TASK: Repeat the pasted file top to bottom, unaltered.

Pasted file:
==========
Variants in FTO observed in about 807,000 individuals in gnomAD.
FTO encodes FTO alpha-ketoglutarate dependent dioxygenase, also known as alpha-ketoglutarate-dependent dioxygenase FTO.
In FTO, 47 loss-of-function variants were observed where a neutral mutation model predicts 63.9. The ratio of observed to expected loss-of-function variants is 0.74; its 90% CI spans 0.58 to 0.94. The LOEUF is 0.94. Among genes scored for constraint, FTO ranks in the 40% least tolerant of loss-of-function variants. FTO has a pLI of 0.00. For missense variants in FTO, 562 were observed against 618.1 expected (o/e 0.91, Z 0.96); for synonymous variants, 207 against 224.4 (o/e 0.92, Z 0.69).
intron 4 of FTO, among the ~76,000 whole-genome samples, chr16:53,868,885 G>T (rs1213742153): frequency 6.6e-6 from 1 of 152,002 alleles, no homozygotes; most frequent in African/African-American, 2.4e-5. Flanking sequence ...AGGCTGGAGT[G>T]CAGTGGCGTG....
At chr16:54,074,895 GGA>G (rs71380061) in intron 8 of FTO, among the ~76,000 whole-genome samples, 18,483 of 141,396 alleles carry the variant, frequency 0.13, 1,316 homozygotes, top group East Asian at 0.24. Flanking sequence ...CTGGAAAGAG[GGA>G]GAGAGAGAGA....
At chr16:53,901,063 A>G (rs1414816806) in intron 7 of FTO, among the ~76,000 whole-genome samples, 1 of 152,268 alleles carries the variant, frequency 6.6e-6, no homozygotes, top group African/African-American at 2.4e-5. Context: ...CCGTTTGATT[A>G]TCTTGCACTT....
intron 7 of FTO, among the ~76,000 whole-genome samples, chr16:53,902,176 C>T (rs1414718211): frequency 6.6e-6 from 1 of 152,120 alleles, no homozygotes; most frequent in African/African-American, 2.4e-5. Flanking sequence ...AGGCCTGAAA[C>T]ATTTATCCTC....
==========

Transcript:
Variants in FTO observed in about 807,000 individuals in gnomAD.
FTO encodes FTO alpha-ketoglutarate dependent dioxygenase, also known as alpha-ketoglutarate-dependent dioxygenase FTO.
In FTO, 47 loss-of-function variants were observed where a neutral mutation model predicts 63.9. The ratio of observed to expected loss-of-function variants is 0.74; its 90% CI spans 0.58 to 0.94. The LOEUF is 0.94. Among genes scored for constraint, FTO ranks in the 40% least tolerant of loss-of-function variants. FTO has a pLI of 0.00. For missense variants in FTO, 562 were observed against 618.1 expected (o/e 0.91, Z 0.96); for synonymous variants, 207 against 224.4 (o/e 0.92, Z 0.69).
intron 4 of FTO, among the ~76,000 whole-genome samples, chr16:53,868,885 G>T (rs1213742153): frequency 6.6e-6 from 1 of 152,002 alleles, no homozygotes; most frequent in African/African-American, 2.4e-5. Flanking sequence ...AGGCTGGAGT[G>T]CAGTGGCGTG....
At chr16:54,074,895 GGA>G (rs71380061) in intron 8 of FTO, among the ~76,000 whole-genome samples, 18,483 of 141,396 alleles carry the variant, frequency 0.13, 1,316 homozygotes, top group East Asian at 0.24. Flanking sequence ...CTGGAAAGAG[GGA>G]GAGAGAGAGA....
At chr16:53,901,063 A>G (rs1414816806) in intron 7 of FTO, among the ~76,000 whole-genome samples, 1 of 152,268 alleles carries the variant, frequency 6.6e-6, no homozygotes, top group African/African-American at 2.4e-5. Context: ...CCGTTTGATT[A>G]TCTTGCACTT....
intron 7 of FTO, among the ~76,000 whole-genome samples, chr16:53,902,176 C>T (rs1414718211): frequency 6.6e-6 from 1 of 152,120 alleles, no homozygotes; most frequent in African/African-American, 2.4e-5. Flanking sequence ...AGGCCTGAAA[C>T]ATTTATCCTC....